Wiki Link Style An optional method lets you type in new links without using the mouse at all, oreven being fully aware of the title you wish to link to. To enable this method, visitthe Auto-Correction tab of Scrivener’s preferences, and turn on "and [[Scrivener links]]" in the Substitutions section. To use this method, while typing in the text you can enter two double-brackets,type in the title of the item you wish to link to, and then close it with a second pair of brackets, as shown. Scrivener will detect what you are trying to do, and if it ﬁnds an exact match to a document, will link it for you automatically. If it does not recognise the text inside the brackets as correlating with an existing title, the New Link sheet will pop-up, giving you the option to either create a new item and place it in the Binder, or via the second tab, “Link to existing document”, navigate to an existing document in the Binder and create a non-literal link. Non-literal links are useful when you wish to link phrases in your text without directly referencing the name of the item you are linking to. Once substitution has been performed, the brackets will be removed.Usually, "wiki link" refers to the CamelBack convention. But a rose by any other name would smell as sweet.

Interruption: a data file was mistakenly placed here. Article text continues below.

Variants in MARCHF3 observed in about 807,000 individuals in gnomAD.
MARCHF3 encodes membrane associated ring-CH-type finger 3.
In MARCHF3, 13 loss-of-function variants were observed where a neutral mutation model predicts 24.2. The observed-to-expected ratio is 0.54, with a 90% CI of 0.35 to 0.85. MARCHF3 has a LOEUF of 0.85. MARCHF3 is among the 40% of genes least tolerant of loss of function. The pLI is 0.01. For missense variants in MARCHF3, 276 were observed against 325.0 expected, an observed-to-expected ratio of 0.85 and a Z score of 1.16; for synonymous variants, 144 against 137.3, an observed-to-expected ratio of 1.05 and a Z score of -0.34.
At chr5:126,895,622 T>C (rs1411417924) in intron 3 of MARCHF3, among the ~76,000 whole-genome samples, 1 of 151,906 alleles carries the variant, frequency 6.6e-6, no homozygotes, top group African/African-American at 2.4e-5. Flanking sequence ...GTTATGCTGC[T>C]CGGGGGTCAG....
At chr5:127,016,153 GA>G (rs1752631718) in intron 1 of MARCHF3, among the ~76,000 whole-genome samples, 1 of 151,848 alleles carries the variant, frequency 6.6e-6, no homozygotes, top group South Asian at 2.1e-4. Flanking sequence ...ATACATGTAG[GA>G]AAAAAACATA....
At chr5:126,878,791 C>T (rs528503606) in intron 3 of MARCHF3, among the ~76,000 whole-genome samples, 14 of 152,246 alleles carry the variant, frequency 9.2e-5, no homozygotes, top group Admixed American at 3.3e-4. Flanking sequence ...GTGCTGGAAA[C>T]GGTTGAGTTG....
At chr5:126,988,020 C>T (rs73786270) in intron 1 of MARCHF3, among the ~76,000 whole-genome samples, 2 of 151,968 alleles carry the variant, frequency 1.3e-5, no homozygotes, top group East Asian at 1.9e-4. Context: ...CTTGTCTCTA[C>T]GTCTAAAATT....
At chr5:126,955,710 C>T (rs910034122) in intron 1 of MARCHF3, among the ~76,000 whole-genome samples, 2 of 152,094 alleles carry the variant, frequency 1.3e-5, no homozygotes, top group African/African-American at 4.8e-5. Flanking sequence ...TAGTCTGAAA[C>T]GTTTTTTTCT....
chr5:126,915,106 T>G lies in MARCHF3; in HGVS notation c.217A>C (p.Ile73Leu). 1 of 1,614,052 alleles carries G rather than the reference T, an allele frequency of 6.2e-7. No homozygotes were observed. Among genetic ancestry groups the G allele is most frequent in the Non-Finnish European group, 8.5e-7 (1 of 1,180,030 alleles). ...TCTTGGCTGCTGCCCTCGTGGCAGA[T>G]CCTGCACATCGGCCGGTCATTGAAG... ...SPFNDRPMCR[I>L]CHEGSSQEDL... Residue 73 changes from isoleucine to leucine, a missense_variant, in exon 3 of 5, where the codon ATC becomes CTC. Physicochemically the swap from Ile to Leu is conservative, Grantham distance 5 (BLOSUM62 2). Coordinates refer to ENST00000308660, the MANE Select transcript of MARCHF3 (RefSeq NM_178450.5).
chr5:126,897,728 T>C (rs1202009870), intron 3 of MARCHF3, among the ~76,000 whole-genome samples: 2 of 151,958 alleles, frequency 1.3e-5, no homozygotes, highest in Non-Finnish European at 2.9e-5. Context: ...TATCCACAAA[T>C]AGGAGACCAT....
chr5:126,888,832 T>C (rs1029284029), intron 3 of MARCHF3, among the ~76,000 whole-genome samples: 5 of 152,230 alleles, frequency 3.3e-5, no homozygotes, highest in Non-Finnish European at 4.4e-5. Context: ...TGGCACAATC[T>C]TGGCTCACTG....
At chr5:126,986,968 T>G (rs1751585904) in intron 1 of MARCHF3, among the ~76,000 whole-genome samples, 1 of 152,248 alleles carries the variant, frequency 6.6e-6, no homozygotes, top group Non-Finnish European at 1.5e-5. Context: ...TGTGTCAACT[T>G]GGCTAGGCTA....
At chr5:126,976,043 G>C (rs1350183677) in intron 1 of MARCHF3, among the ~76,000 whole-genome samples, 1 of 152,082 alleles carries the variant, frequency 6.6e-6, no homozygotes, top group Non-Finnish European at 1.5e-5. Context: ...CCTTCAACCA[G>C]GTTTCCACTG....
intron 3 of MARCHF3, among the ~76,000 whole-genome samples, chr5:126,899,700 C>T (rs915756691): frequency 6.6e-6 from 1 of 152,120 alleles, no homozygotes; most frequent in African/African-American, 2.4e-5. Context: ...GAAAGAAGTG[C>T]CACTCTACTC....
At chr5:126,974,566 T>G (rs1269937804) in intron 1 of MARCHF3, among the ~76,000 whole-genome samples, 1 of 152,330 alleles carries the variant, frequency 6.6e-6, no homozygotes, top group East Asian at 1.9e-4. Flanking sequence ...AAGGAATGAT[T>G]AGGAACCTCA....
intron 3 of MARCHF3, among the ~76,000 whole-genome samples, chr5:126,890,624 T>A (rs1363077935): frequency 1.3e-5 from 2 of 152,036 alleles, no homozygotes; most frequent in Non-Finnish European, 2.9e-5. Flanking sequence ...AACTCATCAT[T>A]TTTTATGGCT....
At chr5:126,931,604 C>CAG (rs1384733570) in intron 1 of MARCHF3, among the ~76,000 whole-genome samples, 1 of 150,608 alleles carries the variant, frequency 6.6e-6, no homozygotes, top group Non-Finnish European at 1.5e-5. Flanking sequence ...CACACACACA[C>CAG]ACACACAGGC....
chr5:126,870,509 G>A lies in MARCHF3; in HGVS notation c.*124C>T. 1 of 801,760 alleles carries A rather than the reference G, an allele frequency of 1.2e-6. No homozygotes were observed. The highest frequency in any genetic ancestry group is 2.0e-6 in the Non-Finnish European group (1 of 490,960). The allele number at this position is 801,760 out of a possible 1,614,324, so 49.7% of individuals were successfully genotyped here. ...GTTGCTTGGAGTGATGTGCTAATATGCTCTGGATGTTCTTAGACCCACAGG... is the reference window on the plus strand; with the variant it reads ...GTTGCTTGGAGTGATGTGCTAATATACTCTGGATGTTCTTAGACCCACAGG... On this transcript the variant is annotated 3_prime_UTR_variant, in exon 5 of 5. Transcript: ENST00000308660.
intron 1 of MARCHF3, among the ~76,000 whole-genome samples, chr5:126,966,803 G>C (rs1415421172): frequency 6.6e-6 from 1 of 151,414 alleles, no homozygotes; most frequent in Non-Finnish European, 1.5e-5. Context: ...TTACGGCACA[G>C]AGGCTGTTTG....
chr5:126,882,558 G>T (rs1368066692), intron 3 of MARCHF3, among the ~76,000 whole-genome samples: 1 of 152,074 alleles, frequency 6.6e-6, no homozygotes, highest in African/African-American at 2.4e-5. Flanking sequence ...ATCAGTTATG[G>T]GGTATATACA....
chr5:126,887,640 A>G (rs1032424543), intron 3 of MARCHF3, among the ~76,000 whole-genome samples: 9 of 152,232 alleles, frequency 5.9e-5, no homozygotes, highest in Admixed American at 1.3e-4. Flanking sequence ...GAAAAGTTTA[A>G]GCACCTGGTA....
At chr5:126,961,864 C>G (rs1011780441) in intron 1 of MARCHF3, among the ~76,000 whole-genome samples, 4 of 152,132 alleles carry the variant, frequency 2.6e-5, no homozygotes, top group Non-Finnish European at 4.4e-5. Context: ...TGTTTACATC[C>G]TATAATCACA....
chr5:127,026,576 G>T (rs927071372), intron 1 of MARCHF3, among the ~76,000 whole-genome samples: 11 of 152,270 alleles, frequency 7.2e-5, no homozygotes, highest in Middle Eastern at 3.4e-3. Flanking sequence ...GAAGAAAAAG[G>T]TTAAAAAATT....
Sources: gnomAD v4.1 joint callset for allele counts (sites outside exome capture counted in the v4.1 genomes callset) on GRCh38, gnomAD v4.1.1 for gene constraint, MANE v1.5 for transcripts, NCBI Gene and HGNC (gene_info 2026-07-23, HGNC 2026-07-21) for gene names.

As with other substitution types, wiki linking works only on newly typed material. If you have previously typed in double-bracketed words, and then enable the option, you will need to re-bracket them.
Wednesday, June 20, 2012
Free Links in Scrivener
It turns out that Scrivener can do free links. They are just called "Wiki links." From the manual: